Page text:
William Hamilton

Attentive, but not agitated

Attention need not produce tension. This should be obvious. When we pay attention to majestic sunsets and gentle streams, we typically feel calm. Yet, too often these days attention-grabbing news can feel nerve-racking. As we prepare to enter an emergent new chapter of COVID infectiousness, it seems like a good time to restore our ability to be attentive without being agitated.

This week’s portion of Torah opens with a Pharaoh who not yet knows Joseph, dreaming two successive dreams. He awakens very agitated, anxious to learn what the dreams foretell. The Hebrew phrase describing his emotional state at that moment is va-tipaem ru-cho, which can mean anything from his spirit was troubled to there was a happening in his soul. Which is it? Is Pharaoh unnerved or is his spirit moved? Perhaps within the range of these possibilities, we can be awakened to a healthy tension between agitation and amicability.

How can you tell when paying attention isn’t elevating your blood pressure? One way is to appreciate a quiet truth about what happens when we elect to linger and reflect at a particular setting, like some paragraph you just read or some courtesy you just witnessed. If you’re like me, doing so can make a setting into a site of revealing. Perhaps you just bumped into someone you haven’t seen or thought about in years, except by the strangest coincidence, they had crossed your mind earlier that morning. When your curiosity is peaked as a result of attention paid, a warm breeze of wonder is a lot more common than stormy agitation.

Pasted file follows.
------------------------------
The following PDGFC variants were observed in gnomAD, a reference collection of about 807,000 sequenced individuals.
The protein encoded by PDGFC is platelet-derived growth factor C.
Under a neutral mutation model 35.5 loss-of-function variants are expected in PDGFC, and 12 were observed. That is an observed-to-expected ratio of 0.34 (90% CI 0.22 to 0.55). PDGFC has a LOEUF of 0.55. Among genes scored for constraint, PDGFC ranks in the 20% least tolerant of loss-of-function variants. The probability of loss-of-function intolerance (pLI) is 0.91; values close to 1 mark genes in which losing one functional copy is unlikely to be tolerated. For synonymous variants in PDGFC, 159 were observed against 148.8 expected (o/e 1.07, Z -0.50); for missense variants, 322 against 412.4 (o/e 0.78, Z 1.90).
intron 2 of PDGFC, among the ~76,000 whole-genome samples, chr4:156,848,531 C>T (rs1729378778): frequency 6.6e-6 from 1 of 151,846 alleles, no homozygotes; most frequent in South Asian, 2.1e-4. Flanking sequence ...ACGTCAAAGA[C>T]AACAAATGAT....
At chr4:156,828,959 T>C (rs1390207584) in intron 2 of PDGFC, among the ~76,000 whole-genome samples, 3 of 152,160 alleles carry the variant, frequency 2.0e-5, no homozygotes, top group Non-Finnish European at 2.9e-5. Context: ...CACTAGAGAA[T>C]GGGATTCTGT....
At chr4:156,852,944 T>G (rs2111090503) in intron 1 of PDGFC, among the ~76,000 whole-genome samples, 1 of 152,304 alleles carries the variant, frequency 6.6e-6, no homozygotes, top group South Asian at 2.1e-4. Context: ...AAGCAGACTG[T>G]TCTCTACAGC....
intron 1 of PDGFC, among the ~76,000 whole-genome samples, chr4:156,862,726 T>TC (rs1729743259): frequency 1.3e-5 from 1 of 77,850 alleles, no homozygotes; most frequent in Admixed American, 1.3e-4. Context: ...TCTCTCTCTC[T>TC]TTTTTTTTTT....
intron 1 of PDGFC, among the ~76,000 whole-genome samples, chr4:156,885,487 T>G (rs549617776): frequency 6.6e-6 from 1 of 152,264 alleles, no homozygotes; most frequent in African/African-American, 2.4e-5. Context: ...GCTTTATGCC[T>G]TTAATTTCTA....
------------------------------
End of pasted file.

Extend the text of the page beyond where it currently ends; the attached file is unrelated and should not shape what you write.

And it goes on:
It’s time to reacquaint ourselves with occasions when paying attention can bring us to a state being curious and untroubled. We don’t need to familiarize ourselves with stress. Alas, too many of us know that halting-jolt we feel when we’ve misjudged a step on a stairway. Instead, this is a season for the spirit-warming sensation of responding to friend who asks for your help, or to a neighbor who needs your attention.

As the Hanukkah lights brighten, may relearning how to be attentive without be agitated propel us forward into more ambient days ahead.

About the Author
Rabbi William Hamilton has served as rabbi (mara d'atra) of Kehillath Israel in Brookline, MA since 1995.
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